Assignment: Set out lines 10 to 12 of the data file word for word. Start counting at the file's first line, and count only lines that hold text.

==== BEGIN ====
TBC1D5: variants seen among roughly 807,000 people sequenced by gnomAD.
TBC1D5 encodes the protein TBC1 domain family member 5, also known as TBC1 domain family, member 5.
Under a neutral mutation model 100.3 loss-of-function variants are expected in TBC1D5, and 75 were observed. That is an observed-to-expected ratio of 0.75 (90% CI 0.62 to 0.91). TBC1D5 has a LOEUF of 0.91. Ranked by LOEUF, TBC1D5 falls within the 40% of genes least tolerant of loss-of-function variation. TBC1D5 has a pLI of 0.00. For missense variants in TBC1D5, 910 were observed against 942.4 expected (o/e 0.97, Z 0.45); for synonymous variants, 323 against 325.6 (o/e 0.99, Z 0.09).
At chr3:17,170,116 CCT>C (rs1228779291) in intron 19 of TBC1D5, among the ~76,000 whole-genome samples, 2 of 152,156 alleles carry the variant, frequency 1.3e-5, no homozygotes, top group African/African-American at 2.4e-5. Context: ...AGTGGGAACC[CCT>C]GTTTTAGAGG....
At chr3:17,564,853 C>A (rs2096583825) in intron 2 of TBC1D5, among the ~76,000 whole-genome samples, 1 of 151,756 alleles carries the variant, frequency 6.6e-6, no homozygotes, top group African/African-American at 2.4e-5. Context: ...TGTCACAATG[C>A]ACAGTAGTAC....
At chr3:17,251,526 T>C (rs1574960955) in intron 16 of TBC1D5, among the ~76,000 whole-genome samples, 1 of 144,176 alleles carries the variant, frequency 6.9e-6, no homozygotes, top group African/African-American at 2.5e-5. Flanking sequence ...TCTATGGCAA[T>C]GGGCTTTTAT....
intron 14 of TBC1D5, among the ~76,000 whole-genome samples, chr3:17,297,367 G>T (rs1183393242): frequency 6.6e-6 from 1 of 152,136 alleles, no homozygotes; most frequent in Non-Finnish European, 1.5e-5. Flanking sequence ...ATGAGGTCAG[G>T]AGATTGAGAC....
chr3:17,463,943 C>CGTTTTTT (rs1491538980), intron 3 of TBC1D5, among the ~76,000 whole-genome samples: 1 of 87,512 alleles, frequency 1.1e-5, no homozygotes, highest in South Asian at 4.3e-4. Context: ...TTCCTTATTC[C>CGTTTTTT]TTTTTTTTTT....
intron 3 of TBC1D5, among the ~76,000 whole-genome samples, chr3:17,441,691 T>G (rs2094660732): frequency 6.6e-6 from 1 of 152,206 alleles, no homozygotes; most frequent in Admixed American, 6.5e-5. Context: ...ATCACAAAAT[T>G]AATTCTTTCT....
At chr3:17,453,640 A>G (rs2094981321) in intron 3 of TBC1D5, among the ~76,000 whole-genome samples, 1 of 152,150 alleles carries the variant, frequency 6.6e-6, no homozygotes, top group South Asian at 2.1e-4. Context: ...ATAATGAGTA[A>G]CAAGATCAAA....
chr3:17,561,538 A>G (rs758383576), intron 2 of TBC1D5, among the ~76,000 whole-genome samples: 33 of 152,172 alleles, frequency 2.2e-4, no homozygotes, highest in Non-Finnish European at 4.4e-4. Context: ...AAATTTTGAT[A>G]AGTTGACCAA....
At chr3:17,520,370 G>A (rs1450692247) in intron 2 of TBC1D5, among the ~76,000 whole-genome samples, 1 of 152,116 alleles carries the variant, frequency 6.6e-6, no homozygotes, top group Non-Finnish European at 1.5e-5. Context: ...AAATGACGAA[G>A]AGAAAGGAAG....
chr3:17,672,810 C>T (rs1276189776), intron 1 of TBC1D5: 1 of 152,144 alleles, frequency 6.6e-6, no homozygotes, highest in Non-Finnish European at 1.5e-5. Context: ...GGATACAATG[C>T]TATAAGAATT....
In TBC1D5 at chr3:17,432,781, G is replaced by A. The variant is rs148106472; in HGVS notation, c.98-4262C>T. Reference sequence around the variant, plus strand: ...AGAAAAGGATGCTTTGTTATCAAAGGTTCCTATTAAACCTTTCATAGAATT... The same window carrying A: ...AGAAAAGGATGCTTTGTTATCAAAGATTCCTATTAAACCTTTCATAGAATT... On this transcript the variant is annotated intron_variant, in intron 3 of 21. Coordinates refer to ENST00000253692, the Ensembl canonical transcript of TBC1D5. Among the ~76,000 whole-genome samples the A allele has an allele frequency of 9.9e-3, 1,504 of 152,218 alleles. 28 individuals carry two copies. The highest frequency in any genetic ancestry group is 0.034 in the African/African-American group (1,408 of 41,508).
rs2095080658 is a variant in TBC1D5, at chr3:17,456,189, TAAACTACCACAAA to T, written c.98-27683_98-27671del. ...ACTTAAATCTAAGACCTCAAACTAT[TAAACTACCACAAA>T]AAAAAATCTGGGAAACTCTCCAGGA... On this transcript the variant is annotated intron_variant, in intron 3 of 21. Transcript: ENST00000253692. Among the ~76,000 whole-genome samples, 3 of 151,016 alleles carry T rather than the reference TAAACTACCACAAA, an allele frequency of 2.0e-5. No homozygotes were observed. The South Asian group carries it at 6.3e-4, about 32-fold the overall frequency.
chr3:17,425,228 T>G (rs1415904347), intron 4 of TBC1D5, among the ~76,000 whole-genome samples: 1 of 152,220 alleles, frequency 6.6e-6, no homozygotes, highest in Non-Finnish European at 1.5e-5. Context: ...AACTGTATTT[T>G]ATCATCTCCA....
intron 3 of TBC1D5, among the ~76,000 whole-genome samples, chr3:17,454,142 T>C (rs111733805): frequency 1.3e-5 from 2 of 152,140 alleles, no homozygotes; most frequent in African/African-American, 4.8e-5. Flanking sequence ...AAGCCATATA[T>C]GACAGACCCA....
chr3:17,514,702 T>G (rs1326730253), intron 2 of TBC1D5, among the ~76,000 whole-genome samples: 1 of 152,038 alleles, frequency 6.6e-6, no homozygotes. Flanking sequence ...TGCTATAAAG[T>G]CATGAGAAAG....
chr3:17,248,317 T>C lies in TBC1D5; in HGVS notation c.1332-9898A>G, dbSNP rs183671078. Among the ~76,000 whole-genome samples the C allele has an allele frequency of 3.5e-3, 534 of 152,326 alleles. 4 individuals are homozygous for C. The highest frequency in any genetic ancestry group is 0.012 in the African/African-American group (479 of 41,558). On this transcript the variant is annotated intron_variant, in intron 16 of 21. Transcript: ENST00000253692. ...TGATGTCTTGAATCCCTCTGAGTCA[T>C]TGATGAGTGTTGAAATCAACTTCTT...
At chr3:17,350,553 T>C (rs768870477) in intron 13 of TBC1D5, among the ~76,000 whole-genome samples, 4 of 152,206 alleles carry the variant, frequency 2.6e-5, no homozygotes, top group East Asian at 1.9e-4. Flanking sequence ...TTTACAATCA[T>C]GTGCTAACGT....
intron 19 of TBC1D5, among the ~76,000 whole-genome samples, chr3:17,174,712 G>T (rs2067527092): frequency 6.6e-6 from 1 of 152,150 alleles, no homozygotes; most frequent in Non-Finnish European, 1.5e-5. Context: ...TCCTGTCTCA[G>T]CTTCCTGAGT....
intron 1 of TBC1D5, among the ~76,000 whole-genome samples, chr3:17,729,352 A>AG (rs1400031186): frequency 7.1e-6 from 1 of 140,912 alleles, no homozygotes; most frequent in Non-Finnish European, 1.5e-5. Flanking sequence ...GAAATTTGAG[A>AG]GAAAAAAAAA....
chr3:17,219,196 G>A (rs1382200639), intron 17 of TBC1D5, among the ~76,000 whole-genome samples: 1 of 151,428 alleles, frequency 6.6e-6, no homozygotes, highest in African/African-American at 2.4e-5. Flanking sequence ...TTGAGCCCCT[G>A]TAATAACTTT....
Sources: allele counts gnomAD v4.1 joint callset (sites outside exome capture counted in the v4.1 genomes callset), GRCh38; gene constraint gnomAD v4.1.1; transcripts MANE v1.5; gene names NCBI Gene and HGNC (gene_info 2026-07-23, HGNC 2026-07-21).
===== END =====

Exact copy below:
At chr3:17,453,640 A>G (rs2094981321) in intron 3 of TBC1D5, among the ~76,000 whole-genome samples, 1 of 152,150 alleles carries the variant, frequency 6.6e-6, no homozygotes, top group South Asian at 2.1e-4. Context: ...ATAATGAGTA[A>G]CAAGATCAAA....
chr3:17,561,538 A>G (rs758383576), intron 2 of TBC1D5, among the ~76,000 whole-genome samples: 33 of 152,172 alleles, frequency 2.2e-4, no homozygotes, highest in Non-Finnish European at 4.4e-4. Context: ...AAATTTTGAT[A>G]AGTTGACCAA....
At chr3:17,520,370 G>A (rs1450692247) in intron 2 of TBC1D5, among the ~76,000 whole-genome samples, 1 of 152,116 alleles carries the variant, frequency 6.6e-6, no homozygotes, top group Non-Finnish European at 1.5e-5. Context: ...AAATGACGAA[G>A]AGAAAGGAAG....